Steve Kroft claimed: “A recent report out of MIT, analyzing world oil production and consumption, also concluded that the basic fundamentals of supply and demand could not have been responsible for last year’s run-up in oil prices. And Michael Masters [who testified before the Committee on Homeland Security and Governmental Affairs of the United States Senate last April on the same matter] says the U.S. Department of Energy’s own statistics show that if the markets had been working properly, the price of oil should have been going down, not up.”
With regards to speculation Mr. Kroft asserts: “Over time, the big Wall Street banks were allowed to buy and sell as many oil contracts as they wanted for their clients, circumventing regulations intended to limit speculation. And in 2000, Congress effectively deregulated the futures market, granting exemptions for complicated derivative investments called oil swaps, as well as electronic trading on private exchanges.”
He also claimed there was no way of knowing who did the circumvention, as the deals were done secretly. These secret deals could, as oil prices swing back up, render production cuts, a potentially perilous move for producers and consumers alike, according to Michael T. Klare, author of Rising Powers, Shrinking Planet: The New Geopolitics of Oil. “As long as prices remain low,” said Mr. Klare, “Oil companies have no incentive to invest in costly new production ventures, which means no new capacity is being added to global inventories, while available capacity continues to be drained. Simply put, what this means is that, when demand begins to surge again, global output is likely to prove inadequate,” driving the price back up.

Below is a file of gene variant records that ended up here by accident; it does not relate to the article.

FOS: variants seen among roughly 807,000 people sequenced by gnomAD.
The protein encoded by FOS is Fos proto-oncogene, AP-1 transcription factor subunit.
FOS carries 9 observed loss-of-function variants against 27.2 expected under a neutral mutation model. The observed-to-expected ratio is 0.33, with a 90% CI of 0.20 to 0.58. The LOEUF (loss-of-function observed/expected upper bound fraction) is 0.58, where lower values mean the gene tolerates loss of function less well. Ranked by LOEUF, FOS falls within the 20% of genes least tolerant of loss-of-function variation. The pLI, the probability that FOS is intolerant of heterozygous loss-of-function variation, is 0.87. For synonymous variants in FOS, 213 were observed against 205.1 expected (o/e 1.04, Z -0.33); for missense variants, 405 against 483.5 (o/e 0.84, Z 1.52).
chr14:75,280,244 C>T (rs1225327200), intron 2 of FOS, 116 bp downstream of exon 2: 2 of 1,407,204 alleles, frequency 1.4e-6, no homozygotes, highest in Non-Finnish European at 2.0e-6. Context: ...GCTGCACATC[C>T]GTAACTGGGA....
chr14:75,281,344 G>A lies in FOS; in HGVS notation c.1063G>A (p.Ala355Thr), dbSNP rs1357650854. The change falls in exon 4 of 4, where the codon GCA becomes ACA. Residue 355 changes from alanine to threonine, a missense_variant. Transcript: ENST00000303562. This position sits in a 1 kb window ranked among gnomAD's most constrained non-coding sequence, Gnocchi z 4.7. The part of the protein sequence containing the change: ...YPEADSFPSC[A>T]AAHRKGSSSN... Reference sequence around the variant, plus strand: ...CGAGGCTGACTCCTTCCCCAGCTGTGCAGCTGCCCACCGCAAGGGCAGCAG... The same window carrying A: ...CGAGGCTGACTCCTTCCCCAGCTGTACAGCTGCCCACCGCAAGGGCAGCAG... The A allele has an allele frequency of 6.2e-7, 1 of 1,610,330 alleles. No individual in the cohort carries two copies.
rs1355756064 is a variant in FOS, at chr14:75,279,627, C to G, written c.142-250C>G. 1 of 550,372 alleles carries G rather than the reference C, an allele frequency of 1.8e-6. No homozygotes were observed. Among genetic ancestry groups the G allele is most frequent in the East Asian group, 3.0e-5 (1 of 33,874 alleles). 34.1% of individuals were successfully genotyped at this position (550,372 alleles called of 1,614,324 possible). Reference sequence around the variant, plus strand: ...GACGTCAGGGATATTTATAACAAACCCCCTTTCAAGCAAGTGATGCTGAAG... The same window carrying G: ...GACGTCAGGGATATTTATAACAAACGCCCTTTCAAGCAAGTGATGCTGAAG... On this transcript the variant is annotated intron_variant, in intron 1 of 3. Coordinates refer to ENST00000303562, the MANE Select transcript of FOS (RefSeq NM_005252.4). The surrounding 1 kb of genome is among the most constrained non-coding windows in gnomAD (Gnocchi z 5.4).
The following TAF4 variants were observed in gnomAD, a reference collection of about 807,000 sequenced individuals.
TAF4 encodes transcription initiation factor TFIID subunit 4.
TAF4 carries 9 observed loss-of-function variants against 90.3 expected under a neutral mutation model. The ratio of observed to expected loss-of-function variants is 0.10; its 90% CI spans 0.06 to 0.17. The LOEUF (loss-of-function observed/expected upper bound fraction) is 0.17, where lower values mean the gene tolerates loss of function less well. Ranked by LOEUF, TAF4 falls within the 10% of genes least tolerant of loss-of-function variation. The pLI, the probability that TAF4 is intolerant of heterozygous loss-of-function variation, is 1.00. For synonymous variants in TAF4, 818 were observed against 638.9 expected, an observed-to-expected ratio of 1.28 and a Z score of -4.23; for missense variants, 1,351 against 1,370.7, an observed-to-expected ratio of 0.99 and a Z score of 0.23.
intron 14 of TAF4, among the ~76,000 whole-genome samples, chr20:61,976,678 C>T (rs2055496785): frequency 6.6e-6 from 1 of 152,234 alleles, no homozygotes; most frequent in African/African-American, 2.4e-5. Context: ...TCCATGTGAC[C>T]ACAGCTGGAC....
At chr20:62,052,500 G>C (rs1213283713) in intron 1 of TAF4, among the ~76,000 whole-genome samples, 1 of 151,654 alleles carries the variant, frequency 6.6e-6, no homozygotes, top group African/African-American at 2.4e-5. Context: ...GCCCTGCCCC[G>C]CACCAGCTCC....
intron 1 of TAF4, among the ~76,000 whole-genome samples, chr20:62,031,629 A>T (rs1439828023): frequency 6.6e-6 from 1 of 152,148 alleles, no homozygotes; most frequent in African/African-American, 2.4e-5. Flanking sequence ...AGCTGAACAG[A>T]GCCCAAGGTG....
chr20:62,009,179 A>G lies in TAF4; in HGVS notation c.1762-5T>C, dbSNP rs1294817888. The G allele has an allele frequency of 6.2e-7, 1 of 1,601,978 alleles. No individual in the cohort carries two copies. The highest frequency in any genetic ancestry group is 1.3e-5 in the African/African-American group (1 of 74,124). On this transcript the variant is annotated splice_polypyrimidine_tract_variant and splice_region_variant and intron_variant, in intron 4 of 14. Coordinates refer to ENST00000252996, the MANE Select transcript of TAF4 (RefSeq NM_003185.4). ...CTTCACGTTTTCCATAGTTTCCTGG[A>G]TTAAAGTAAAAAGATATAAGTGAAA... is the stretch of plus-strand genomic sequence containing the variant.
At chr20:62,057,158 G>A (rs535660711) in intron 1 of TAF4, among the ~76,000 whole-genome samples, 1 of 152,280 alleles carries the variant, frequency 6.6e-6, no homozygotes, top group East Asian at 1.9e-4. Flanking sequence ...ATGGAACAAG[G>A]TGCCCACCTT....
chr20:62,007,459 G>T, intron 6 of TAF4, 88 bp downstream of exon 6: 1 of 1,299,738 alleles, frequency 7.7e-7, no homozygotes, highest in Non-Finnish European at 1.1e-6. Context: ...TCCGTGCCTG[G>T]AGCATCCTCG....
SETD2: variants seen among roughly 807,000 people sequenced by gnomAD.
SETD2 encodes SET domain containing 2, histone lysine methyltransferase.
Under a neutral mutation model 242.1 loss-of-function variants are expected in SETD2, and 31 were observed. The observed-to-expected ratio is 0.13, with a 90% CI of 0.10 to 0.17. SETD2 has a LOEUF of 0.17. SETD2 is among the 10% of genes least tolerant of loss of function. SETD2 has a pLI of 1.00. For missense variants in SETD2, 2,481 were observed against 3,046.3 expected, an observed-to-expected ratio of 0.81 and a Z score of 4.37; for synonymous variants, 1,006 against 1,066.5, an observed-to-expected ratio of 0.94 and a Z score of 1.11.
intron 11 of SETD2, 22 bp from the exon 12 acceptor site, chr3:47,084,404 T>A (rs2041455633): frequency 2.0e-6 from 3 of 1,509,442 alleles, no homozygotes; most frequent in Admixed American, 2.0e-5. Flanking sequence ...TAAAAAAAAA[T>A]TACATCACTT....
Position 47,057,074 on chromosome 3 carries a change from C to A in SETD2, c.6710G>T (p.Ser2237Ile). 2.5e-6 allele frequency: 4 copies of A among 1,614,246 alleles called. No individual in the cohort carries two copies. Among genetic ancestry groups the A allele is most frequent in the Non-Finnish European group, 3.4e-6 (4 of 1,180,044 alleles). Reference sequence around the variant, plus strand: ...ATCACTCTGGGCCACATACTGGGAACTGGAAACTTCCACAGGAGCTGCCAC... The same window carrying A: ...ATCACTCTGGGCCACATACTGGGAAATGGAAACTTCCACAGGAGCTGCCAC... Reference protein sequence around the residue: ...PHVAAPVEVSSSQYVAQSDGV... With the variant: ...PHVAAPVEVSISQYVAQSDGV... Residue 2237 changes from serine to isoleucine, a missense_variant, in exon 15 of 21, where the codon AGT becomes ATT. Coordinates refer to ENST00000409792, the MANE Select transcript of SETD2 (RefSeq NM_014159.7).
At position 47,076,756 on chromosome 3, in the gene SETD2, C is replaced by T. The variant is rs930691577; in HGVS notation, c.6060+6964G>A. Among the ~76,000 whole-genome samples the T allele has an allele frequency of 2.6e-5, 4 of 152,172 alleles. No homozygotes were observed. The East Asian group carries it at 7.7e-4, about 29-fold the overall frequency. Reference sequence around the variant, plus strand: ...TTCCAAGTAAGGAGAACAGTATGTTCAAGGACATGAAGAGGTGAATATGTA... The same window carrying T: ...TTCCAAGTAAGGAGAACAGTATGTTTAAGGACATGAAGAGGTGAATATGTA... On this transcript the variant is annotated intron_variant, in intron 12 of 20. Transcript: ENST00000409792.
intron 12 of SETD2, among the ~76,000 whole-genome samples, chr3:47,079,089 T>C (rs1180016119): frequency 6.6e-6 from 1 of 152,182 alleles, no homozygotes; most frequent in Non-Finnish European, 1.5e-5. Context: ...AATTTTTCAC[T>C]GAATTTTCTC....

In addition, the price may not come back down so easily next time as “most ‘easy oil’ reservoirs have now been exhausted,” according to Klare, “Which means that virtually all remaining global reserves are going to be of the ‘tough oil’ variety. These require extraction technology far too costly to be profitable, at a moment when the per barrel price remains under $50,” concluded Michael Klare. This signifies that if OPEC countries like Venezuela do not continue to explore new oil drilling avenues, the oil shortage could become a very real crisis.
Even given this assessment, Venezuela is going ahead with its charitable CITGO heating oil program in the United States, despite reports to the contrary which, like those commenting on the country’s prospective economic losses, claimed the country could no longer afford such excesses. CITGO CEO Alejandro Granado and Citizens Energy Chairman, Joseph P. Kennedy II, gave a press conference earlier this month confirming that income-eligible households may apply to receive up to 100 free gallons of heating oil. Mr. Kennedy pointed out that he is “personally aware of President Chavez’s genuine concern for the most vulnerable, regardless of where they may live.”